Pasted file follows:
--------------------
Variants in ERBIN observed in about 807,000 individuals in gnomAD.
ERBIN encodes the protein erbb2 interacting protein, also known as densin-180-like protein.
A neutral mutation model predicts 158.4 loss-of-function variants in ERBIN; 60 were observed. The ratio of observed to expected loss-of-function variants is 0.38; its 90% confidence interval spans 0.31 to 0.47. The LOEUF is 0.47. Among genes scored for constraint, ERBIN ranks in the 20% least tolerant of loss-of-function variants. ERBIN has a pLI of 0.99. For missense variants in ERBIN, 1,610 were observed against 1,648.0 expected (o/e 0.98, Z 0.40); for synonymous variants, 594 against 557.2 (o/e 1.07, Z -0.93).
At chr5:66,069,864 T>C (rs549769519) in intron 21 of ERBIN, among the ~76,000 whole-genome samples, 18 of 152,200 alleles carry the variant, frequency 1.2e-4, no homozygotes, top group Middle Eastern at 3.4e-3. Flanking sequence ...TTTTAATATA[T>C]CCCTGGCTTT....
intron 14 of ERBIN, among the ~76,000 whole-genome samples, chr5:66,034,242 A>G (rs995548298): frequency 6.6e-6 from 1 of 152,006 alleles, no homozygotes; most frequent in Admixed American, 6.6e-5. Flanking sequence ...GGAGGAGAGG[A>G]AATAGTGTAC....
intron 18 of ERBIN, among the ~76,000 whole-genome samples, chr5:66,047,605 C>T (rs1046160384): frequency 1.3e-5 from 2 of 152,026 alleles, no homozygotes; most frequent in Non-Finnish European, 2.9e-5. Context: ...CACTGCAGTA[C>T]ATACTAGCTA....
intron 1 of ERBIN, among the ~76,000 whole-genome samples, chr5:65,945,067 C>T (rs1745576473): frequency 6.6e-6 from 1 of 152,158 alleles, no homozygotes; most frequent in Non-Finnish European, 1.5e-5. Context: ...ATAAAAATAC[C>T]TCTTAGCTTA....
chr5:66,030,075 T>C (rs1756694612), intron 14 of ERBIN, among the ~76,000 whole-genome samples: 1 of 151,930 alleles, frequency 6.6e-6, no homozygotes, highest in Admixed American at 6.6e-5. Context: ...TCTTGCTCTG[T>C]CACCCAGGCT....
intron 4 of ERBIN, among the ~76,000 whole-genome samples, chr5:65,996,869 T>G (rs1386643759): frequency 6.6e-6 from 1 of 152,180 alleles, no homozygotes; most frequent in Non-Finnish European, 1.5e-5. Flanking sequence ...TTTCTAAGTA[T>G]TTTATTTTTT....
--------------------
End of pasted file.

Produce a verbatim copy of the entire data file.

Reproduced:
Variants in ERBIN observed in about 807,000 individuals in gnomAD.
ERBIN encodes the protein erbb2 interacting protein, also known as densin-180-like protein.
A neutral mutation model predicts 158.4 loss-of-function variants in ERBIN; 60 were observed. The ratio of observed to expected loss-of-function variants is 0.38; its 90% confidence interval spans 0.31 to 0.47. The LOEUF is 0.47. Among genes scored for constraint, ERBIN ranks in the 20% least tolerant of loss-of-function variants. ERBIN has a pLI of 0.99. For missense variants in ERBIN, 1,610 were observed against 1,648.0 expected (o/e 0.98, Z 0.40); for synonymous variants, 594 against 557.2 (o/e 1.07, Z -0.93).
At chr5:66,069,864 T>C (rs549769519) in intron 21 of ERBIN, among the ~76,000 whole-genome samples, 18 of 152,200 alleles carry the variant, frequency 1.2e-4, no homozygotes, top group Middle Eastern at 3.4e-3. Flanking sequence ...TTTTAATATA[T>C]CCCTGGCTTT....
intron 14 of ERBIN, among the ~76,000 whole-genome samples, chr5:66,034,242 A>G (rs995548298): frequency 6.6e-6 from 1 of 152,006 alleles, no homozygotes; most frequent in Admixed American, 6.6e-5. Flanking sequence ...GGAGGAGAGG[A>G]AATAGTGTAC....
intron 18 of ERBIN, among the ~76,000 whole-genome samples, chr5:66,047,605 C>T (rs1046160384): frequency 1.3e-5 from 2 of 152,026 alleles, no homozygotes; most frequent in Non-Finnish European, 2.9e-5. Context: ...CACTGCAGTA[C>T]ATACTAGCTA....
intron 1 of ERBIN, among the ~76,000 whole-genome samples, chr5:65,945,067 C>T (rs1745576473): frequency 6.6e-6 from 1 of 152,158 alleles, no homozygotes; most frequent in Non-Finnish European, 1.5e-5. Context: ...ATAAAAATAC[C>T]TCTTAGCTTA....
chr5:66,030,075 T>C (rs1756694612), intron 14 of ERBIN, among the ~76,000 whole-genome samples: 1 of 151,930 alleles, frequency 6.6e-6, no homozygotes, highest in Admixed American at 6.6e-5. Context: ...TCTTGCTCTG[T>C]CACCCAGGCT....
intron 4 of ERBIN, among the ~76,000 whole-genome samples, chr5:65,996,869 T>G (rs1386643759): frequency 6.6e-6 from 1 of 152,180 alleles, no homozygotes; most frequent in Non-Finnish European, 1.5e-5. Flanking sequence ...TTTCTAAGTA[T>G]TTTATTTTTT....